Tuesday 7th July 2020

With an ever-changing weather forecast, opportunities to ring must be grabbed. Originally, two consecutive dry days had been predicted with suitably low winds. However, as things evolved, this reduced to one. At least this eliminated the need to make a decision! In the event it was windless and calm at dawn, if a little unseasonably cold. The nets by the sewage works were opened before 6am and the remaining three across the reed bed about 30 minutes later.

The first few net rounds were brisk, with sufficient birds to prompt me to get out extra bird bags as a precaution but, by mid-morning, the numbers had reduced to a steady and more manageable trickle. The westerly wind increased as the morning progressed and by midday had reached force 4-5, which is about the limit at South Milton. With nothing in the valley between the ringing area and the coast to interrupt the airflow, I often have to pack up at lower wind speeds than others with more sheltered sites.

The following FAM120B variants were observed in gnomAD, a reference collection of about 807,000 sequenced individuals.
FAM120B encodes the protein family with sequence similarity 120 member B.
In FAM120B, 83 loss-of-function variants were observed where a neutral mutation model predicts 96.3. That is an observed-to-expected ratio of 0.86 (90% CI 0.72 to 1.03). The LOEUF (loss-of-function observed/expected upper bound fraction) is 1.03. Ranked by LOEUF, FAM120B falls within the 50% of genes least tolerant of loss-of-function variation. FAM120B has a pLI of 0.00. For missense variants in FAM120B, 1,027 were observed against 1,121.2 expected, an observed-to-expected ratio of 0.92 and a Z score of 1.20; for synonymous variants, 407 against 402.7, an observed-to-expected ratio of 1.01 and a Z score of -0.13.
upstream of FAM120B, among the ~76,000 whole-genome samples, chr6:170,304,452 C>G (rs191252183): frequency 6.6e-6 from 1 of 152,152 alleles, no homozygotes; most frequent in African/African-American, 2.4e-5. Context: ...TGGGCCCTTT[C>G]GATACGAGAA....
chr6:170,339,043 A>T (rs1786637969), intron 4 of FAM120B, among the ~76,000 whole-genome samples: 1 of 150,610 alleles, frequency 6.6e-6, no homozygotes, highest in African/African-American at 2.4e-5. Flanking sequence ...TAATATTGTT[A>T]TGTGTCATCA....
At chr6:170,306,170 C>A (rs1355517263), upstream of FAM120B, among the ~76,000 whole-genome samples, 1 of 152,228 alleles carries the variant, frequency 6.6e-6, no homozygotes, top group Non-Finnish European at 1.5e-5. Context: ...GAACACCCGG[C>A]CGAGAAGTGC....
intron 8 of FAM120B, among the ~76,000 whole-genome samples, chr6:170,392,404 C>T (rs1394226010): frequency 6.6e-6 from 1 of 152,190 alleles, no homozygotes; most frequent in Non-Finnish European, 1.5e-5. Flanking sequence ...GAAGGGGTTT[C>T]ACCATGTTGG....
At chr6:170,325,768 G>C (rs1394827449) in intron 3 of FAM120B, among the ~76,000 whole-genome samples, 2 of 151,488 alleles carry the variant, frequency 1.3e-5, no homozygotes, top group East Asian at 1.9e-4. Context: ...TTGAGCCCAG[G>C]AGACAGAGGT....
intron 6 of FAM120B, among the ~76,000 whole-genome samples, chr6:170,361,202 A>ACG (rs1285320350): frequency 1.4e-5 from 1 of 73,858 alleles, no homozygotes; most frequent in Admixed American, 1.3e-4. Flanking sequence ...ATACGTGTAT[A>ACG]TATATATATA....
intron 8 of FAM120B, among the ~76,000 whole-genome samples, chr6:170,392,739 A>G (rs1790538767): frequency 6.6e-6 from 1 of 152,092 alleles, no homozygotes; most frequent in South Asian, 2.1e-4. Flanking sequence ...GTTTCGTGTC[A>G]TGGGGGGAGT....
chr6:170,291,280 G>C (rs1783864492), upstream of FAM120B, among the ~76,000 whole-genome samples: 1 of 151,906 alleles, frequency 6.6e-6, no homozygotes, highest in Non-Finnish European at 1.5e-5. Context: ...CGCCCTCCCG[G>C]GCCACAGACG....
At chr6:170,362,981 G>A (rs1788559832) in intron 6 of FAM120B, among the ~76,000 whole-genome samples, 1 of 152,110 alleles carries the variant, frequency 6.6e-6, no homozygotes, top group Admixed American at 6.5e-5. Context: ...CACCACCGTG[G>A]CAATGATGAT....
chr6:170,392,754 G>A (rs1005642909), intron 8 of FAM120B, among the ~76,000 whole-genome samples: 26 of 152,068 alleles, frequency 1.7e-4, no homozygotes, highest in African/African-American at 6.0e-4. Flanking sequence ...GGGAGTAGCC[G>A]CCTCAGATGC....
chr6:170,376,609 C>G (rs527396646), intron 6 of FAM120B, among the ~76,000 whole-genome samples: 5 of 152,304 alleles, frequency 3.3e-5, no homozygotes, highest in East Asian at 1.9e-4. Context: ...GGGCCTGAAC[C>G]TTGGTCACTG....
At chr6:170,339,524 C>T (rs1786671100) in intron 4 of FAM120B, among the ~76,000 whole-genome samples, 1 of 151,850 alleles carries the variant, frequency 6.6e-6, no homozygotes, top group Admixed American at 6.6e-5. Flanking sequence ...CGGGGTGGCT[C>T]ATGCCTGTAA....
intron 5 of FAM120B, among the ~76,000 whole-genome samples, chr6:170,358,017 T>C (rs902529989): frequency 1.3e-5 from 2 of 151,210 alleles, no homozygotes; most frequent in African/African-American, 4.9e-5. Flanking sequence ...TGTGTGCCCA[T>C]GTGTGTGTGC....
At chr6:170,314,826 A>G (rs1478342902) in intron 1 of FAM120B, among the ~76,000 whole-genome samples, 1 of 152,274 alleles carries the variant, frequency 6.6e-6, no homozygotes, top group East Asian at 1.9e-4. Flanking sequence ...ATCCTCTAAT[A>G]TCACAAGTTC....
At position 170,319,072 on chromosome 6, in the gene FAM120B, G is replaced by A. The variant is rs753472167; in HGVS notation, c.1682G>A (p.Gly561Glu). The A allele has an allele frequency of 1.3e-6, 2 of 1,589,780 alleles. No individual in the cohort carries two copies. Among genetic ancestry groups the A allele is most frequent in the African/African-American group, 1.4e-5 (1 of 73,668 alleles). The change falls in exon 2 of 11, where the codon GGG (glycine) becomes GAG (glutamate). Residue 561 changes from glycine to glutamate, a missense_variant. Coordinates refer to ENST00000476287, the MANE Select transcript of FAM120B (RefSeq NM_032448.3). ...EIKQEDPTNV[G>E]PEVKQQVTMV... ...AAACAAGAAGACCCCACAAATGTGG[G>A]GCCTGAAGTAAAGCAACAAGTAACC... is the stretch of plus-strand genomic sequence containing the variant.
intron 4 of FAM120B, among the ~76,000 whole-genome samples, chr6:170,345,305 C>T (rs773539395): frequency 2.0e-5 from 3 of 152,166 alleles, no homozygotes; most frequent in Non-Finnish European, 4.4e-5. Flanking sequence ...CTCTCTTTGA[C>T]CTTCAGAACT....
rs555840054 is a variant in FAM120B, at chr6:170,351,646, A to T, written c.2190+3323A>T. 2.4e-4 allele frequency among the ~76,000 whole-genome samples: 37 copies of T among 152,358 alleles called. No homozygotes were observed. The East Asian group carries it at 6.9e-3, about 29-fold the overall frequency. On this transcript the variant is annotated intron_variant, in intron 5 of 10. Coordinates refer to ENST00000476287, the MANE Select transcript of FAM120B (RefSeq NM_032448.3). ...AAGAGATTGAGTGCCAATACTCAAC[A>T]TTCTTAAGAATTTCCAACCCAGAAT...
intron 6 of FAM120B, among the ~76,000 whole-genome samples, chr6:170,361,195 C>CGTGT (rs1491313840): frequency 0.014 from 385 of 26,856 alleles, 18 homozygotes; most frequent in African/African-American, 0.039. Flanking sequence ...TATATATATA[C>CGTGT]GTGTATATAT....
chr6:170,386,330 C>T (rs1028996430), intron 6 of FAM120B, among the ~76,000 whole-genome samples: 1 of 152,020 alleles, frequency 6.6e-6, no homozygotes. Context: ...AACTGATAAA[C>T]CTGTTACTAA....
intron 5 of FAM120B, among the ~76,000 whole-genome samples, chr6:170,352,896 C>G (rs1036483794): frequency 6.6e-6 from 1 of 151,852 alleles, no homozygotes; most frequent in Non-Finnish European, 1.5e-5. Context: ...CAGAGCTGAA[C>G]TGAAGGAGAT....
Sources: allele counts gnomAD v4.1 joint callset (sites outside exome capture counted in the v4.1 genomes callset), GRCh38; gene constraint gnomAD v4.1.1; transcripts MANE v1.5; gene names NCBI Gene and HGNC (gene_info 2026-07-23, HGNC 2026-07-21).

However, the billowing nets at the close of play made it clear that more gardening was required, particularly in Marsh Ride, to avoid snagging on adjacent vegetation. I had come equipped for this, starting with a hedge trimmer to remove the less robust stuff. Extendable anvil loppers made short work of the thicker willow branches, which were encroaching on the ride from the south, and finally, a pair of freshly sharpened shears dealt with the mass of hemlock water dropwort to either side of the ride.

This plant species is a nightmare. All parts are poisonous. The sap is caustic to susceptible individuals and it has spread uncontrollably in the eastern half of the reserve where inappropriate drainage operations at the end of the last century have lowered the water table and allowed it to outcompete the reeds. Easily reaching 2.5m high, it is an umbellifer and the dried seed heads catch on the nets and are a real pain to remove.

Ordinarily, I cut back this invasive monster with the hedge trimmer in the spring when the shoots are thin and soft, but lockdown put paid to that this year. Now woody and up to 5cm across, the stems were beyond the capabilities of my trusty hedge trimmer and there was no option but to get physical. Doing this in the middle of the day was probably not the smartest idea I have ever had but it didn’t take long, and the result was quite satisfying. All that remains is to clear the thatch of grass from the last 50m of boards and the ride will be back in pristine condition.

In terms of birds, 61 were trapped of which 51 were new: 3 Blackbird, 5 Blackcap, 2 Blue Tit, 4 Cetti’s Warbler (all juvs), 12 Chiffchaff, 1 Great Tit, 20 Reed Warbler, 4 Robin, 3 Sedge Warbler and 7 Wren.

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